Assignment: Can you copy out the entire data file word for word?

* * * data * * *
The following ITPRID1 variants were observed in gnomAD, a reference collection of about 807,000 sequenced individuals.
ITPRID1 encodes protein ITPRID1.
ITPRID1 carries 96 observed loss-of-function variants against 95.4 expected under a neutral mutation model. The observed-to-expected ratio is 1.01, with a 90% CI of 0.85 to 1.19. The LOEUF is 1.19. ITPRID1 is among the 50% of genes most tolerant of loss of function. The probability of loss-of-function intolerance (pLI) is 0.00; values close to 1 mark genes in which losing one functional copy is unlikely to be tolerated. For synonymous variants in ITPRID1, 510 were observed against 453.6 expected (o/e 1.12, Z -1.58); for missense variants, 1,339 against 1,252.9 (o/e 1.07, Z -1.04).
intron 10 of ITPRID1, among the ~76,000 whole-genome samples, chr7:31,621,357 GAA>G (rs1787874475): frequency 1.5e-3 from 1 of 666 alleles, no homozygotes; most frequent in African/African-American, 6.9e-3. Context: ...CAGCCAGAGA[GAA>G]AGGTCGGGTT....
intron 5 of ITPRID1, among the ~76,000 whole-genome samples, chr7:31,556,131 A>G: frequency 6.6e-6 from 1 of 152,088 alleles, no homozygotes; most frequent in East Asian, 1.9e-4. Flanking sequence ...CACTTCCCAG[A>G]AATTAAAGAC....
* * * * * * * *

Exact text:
The following ITPRID1 variants were observed in gnomAD, a reference collection of about 807,000 sequenced individuals.
ITPRID1 encodes protein ITPRID1.
ITPRID1 carries 96 observed loss-of-function variants against 95.4 expected under a neutral mutation model. The observed-to-expected ratio is 1.01, with a 90% CI of 0.85 to 1.19. The LOEUF is 1.19. ITPRID1 is among the 50% of genes most tolerant of loss of function. The probability of loss-of-function intolerance (pLI) is 0.00; values close to 1 mark genes in which losing one functional copy is unlikely to be tolerated. For synonymous variants in ITPRID1, 510 were observed against 453.6 expected (o/e 1.12, Z -1.58); for missense variants, 1,339 against 1,252.9 (o/e 1.07, Z -1.04).
intron 10 of ITPRID1, among the ~76,000 whole-genome samples, chr7:31,621,357 GAA>G (rs1787874475): frequency 1.5e-3 from 1 of 666 alleles, no homozygotes; most frequent in African/African-American, 6.9e-3. Context: ...CAGCCAGAGA[GAA>G]AGGTCGGGTT....
intron 5 of ITPRID1, among the ~76,000 whole-genome samples, chr7:31,556,131 A>G: frequency 6.6e-6 from 1 of 152,088 alleles, no homozygotes; most frequent in East Asian, 1.9e-4. Flanking sequence ...CACTTCCCAG[A>G]AATTAAAGAC....